These services may not only be harmful to students’ privacy. Harold Krent, a law professor at Chicago-Kent College of Law, said schools could face greater legal liability if they fail to act on an alert from one of these services. Schools could also see more legal troubles if the platforms give students a false sense of security.

At least one state has tried to limit these technologies. In 2014, California passed a law requiring students and parents to be informed about any technology schools are considering that collects social media data.

Giovanni Capriglione, a Republican state representative from Southlake, told The News he plans to introduce legislation addressing the lack of transparency associated with monitoring technologies and said Texas’ laws don’t go far enough in protecting students.

“Parents do not know, unfortunately, that their kids are part of a mass surveillance effort,” Capriglione said. “And we need to address that, quite simply.”

While some have worked to limit these technologies, many districts believe a Clinton-era federal law, the Children’s Internet Protection Act, already requires them to adopt monitoring technologies. A marketing video posted to Gaggle’s YouTube page mentions the law explicitly in its pitch to school districts.

If these technologies weren’t already required, a bill from Sen. John Cornyn, R-Texas, would have made them all but mandatory. In October 2019, Cornyn introduced the RESPONSE Act, a bill he said would help prevent school shootings. Had it passed, the bill would have modified a 1930s communications law requiring schools receiving federal communications funding to adopt a technology that detects the online activities of children who are at risk of committing self-harm or extreme violence to others.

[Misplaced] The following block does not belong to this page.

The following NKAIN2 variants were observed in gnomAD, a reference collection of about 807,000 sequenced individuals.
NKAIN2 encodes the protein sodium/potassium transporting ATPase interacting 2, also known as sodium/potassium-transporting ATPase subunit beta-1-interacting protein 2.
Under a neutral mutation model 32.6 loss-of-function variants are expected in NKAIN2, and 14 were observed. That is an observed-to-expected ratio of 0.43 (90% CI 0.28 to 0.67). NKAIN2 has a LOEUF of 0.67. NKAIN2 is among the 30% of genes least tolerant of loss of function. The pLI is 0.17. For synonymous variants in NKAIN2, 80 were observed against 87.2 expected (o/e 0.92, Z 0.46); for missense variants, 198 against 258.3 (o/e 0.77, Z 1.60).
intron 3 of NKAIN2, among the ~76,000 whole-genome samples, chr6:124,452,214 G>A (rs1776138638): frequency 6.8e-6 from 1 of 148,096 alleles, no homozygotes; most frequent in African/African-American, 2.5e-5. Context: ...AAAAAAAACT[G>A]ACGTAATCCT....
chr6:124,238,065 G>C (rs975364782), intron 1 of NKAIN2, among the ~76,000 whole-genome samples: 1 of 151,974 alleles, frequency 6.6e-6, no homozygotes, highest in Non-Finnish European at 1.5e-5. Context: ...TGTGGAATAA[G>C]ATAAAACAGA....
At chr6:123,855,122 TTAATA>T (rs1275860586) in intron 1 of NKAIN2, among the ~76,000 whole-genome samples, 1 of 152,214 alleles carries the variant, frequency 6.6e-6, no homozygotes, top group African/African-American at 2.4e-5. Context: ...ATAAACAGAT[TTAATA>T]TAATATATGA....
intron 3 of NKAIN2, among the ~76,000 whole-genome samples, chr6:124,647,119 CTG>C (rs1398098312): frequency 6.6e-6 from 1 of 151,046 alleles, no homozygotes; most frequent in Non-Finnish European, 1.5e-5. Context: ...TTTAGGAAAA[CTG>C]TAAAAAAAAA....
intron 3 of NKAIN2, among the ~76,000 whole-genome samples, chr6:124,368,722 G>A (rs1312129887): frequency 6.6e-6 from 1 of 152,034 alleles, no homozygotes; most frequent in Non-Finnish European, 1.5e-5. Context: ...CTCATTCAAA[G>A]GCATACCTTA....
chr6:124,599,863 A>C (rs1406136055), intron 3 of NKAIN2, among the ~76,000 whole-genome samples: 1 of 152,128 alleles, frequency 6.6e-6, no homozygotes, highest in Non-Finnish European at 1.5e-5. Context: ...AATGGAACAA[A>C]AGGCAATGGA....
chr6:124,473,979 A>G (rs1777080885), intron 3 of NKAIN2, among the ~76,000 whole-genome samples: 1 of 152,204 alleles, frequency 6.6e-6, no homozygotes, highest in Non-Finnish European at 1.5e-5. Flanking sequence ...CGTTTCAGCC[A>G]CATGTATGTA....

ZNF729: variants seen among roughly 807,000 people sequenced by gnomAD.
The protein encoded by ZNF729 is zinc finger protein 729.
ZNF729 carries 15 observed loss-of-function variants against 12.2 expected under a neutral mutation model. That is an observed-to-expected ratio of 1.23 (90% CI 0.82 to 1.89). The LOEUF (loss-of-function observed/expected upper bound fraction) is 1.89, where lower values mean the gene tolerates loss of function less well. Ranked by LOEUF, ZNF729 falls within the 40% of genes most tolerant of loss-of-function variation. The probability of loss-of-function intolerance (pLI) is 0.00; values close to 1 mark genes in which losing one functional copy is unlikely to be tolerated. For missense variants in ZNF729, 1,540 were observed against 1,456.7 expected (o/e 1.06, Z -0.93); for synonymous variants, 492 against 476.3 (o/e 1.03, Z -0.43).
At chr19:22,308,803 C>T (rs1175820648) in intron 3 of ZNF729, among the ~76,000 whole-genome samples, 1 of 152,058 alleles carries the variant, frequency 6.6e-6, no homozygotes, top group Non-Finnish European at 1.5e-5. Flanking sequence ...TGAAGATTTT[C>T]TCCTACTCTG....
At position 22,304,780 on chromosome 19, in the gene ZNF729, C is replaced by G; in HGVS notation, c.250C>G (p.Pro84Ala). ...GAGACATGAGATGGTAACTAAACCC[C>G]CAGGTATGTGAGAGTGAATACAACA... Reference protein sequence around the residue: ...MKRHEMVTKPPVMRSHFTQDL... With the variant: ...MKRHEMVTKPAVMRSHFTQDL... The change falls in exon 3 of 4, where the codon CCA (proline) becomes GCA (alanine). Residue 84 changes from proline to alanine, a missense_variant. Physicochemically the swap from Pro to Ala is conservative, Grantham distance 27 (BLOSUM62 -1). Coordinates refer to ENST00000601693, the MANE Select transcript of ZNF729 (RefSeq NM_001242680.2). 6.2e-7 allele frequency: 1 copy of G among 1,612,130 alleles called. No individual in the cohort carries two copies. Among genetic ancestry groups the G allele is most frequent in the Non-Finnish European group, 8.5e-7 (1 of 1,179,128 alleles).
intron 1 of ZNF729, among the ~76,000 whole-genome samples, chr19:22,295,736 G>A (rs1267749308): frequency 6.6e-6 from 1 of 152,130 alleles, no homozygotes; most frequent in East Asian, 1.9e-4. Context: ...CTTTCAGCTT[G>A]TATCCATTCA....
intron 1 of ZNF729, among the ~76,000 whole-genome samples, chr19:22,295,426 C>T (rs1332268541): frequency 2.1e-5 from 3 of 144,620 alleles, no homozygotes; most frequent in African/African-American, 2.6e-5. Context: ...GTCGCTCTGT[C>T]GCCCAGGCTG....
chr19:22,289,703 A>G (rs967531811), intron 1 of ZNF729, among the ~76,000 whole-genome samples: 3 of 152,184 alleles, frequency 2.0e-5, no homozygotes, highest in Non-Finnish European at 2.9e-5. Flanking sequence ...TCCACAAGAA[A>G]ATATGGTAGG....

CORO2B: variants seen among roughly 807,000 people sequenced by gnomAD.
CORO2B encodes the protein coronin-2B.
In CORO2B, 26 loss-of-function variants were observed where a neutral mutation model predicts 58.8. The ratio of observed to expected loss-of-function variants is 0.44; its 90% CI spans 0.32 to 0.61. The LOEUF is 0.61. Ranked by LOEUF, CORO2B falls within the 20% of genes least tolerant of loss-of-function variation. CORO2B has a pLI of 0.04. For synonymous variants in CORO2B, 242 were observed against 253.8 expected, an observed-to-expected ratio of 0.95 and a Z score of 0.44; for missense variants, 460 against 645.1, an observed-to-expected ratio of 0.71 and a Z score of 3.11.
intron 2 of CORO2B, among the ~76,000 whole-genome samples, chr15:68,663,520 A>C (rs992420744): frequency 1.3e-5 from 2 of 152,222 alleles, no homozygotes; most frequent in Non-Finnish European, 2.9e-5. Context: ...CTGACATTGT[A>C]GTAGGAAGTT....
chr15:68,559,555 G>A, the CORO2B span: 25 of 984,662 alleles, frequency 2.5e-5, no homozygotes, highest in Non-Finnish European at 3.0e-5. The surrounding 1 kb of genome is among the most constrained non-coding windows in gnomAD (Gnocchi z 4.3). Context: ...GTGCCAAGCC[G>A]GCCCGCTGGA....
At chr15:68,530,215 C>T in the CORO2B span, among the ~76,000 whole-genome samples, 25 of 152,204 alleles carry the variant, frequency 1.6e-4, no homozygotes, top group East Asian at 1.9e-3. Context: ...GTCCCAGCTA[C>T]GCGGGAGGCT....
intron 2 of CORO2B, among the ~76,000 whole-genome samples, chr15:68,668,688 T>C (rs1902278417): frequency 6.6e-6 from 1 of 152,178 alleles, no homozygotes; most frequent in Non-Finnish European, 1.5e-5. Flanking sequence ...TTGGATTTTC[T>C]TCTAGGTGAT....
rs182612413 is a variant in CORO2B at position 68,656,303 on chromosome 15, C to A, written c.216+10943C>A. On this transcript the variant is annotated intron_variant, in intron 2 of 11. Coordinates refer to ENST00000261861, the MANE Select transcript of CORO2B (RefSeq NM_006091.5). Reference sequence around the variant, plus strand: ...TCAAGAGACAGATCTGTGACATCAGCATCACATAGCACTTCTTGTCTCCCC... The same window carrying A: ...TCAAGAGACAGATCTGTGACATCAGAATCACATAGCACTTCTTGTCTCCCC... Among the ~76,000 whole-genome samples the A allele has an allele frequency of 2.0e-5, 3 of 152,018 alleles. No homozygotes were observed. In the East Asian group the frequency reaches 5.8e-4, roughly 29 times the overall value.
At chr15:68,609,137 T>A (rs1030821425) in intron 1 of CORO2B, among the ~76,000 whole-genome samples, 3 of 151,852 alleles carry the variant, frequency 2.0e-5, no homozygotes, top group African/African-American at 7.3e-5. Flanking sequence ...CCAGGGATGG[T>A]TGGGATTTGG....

Cornyn’s office did not respond to requests for comment.

Cornyn isn’t the only prominent Texan to promote monitoring technologies for schools. In his 2018 school safety plan, Gov. Greg Abbott mentioned Social Sentinel and technologies like it as a potential way to address threats made on social media against schools.

Though some believe there are no problems with these monitoring technologies, a large body of legal, psychological and sociological material suggests that being surveilled, even in the absence of any action taken on the information, has measurable effects on those being monitored.

A study of more than 1,200 largely younger adults conducted by Oxford researchers found that after being informed about a government surveillance program, survey participants were much less likely to speak or write about certain things, share personal content or engage with social media, and were more cautious about the language they used online. Furthermore, researchers found that the younger the internet user, the greater the chilling effect they reported.

“Kids need to have the intellectual ability to make mistakes, to suggest ideas outside the box, to give the wrong answer in class, to just test out their mind,” Vance said. “And they are much less likely to do that when they’re being surveilled.”

Dallas Morning News investigative reporter Lauren McGaughy contributed to this report.

https://www.dallasnews.com/news/investigations/2021/09/02/texas-schools-are-watching-millions-of-students-online-often-without-their-knowledge-or-consent/